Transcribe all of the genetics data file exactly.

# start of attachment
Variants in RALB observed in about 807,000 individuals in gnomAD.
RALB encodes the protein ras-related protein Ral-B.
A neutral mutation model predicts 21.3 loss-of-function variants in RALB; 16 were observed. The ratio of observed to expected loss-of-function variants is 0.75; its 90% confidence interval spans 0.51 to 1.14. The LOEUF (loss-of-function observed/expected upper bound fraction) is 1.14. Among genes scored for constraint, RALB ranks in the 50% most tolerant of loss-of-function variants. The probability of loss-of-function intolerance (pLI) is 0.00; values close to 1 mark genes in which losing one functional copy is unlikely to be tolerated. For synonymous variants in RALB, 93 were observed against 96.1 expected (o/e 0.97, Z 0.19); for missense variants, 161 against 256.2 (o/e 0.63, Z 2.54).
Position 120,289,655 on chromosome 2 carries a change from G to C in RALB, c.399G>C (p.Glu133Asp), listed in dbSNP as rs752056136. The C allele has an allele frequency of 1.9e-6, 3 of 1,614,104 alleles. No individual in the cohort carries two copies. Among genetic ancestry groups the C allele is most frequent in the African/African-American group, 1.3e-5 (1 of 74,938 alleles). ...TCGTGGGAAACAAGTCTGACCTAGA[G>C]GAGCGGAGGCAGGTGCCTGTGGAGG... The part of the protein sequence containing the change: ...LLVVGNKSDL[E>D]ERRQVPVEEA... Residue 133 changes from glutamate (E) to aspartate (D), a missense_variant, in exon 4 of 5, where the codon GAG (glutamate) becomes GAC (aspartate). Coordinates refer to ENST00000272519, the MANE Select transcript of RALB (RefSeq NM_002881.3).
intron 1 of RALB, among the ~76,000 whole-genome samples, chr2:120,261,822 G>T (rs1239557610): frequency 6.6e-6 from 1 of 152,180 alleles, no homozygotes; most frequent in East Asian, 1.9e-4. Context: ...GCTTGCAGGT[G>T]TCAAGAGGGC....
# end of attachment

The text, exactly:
Variants in RALB observed in about 807,000 individuals in gnomAD.
RALB encodes the protein ras-related protein Ral-B.
A neutral mutation model predicts 21.3 loss-of-function variants in RALB; 16 were observed. The ratio of observed to expected loss-of-function variants is 0.75; its 90% confidence interval spans 0.51 to 1.14. The LOEUF (loss-of-function observed/expected upper bound fraction) is 1.14. Among genes scored for constraint, RALB ranks in the 50% most tolerant of loss-of-function variants. The probability of loss-of-function intolerance (pLI) is 0.00; values close to 1 mark genes in which losing one functional copy is unlikely to be tolerated. For synonymous variants in RALB, 93 were observed against 96.1 expected (o/e 0.97, Z 0.19); for missense variants, 161 against 256.2 (o/e 0.63, Z 2.54).
Position 120,289,655 on chromosome 2 carries a change from G to C in RALB, c.399G>C (p.Glu133Asp), listed in dbSNP as rs752056136. The C allele has an allele frequency of 1.9e-6, 3 of 1,614,104 alleles. No individual in the cohort carries two copies. Among genetic ancestry groups the C allele is most frequent in the African/African-American group, 1.3e-5 (1 of 74,938 alleles). ...TCGTGGGAAACAAGTCTGACCTAGA[G>C]GAGCGGAGGCAGGTGCCTGTGGAGG... The part of the protein sequence containing the change: ...LLVVGNKSDL[E>D]ERRQVPVEEA... Residue 133 changes from glutamate (E) to aspartate (D), a missense_variant, in exon 4 of 5, where the codon GAG (glutamate) becomes GAC (aspartate). Coordinates refer to ENST00000272519, the MANE Select transcript of RALB (RefSeq NM_002881.3).
intron 1 of RALB, among the ~76,000 whole-genome samples, chr2:120,261,822 G>T (rs1239557610): frequency 6.6e-6 from 1 of 152,180 alleles, no homozygotes; most frequent in East Asian, 1.9e-4. Context: ...GCTTGCAGGT[G>T]TCAAGAGGGC....